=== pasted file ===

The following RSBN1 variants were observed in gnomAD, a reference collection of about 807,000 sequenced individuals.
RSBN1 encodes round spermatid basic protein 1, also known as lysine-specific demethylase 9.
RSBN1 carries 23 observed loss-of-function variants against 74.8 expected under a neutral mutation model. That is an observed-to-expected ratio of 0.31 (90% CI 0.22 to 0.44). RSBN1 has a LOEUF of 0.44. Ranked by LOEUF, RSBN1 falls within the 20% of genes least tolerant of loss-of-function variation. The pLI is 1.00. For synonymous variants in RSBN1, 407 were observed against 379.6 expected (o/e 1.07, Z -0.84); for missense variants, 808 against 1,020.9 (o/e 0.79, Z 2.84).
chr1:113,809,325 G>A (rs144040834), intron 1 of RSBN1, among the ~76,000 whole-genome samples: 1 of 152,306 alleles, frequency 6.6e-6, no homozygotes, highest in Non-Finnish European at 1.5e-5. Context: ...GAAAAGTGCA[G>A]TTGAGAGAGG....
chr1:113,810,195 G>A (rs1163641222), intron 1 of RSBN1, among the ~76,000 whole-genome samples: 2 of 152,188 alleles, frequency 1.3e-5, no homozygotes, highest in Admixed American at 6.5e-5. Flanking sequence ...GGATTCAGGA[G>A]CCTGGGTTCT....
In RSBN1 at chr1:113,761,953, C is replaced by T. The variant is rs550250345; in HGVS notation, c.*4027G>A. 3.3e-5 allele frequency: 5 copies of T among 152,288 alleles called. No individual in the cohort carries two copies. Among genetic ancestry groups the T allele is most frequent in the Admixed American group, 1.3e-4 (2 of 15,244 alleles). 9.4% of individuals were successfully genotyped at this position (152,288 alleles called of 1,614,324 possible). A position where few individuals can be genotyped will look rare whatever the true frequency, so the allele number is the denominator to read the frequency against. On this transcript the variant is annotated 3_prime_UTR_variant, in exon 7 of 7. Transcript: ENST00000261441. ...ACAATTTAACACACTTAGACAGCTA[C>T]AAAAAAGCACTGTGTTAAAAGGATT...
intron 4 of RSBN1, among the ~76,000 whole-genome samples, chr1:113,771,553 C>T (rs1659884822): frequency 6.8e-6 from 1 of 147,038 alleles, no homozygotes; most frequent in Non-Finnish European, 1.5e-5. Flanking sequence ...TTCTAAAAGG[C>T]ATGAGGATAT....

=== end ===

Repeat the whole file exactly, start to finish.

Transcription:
The following RSBN1 variants were observed in gnomAD, a reference collection of about 807,000 sequenced individuals.
RSBN1 encodes round spermatid basic protein 1, also known as lysine-specific demethylase 9.
RSBN1 carries 23 observed loss-of-function variants against 74.8 expected under a neutral mutation model. That is an observed-to-expected ratio of 0.31 (90% CI 0.22 to 0.44). RSBN1 has a LOEUF of 0.44. Ranked by LOEUF, RSBN1 falls within the 20% of genes least tolerant of loss-of-function variation. The pLI is 1.00. For synonymous variants in RSBN1, 407 were observed against 379.6 expected (o/e 1.07, Z -0.84); for missense variants, 808 against 1,020.9 (o/e 0.79, Z 2.84).
chr1:113,809,325 G>A (rs144040834), intron 1 of RSBN1, among the ~76,000 whole-genome samples: 1 of 152,306 alleles, frequency 6.6e-6, no homozygotes, highest in Non-Finnish European at 1.5e-5. Context: ...GAAAAGTGCA[G>A]TTGAGAGAGG....
chr1:113,810,195 G>A (rs1163641222), intron 1 of RSBN1, among the ~76,000 whole-genome samples: 2 of 152,188 alleles, frequency 1.3e-5, no homozygotes, highest in Admixed American at 6.5e-5. Flanking sequence ...GGATTCAGGA[G>A]CCTGGGTTCT....
In RSBN1 at chr1:113,761,953, C is replaced by T. The variant is rs550250345; in HGVS notation, c.*4027G>A. 3.3e-5 allele frequency: 5 copies of T among 152,288 alleles called. No individual in the cohort carries two copies. Among genetic ancestry groups the T allele is most frequent in the Admixed American group, 1.3e-4 (2 of 15,244 alleles). 9.4% of individuals were successfully genotyped at this position (152,288 alleles called of 1,614,324 possible). A position where few individuals can be genotyped will look rare whatever the true frequency, so the allele number is the denominator to read the frequency against. On this transcript the variant is annotated 3_prime_UTR_variant, in exon 7 of 7. Transcript: ENST00000261441. ...ACAATTTAACACACTTAGACAGCTA[C>T]AAAAAAGCACTGTGTTAAAAGGATT...
intron 4 of RSBN1, among the ~76,000 whole-genome samples, chr1:113,771,553 C>T (rs1659884822): frequency 6.8e-6 from 1 of 147,038 alleles, no homozygotes; most frequent in Non-Finnish European, 1.5e-5. Flanking sequence ...TTCTAAAAGG[C>T]ATGAGGATAT....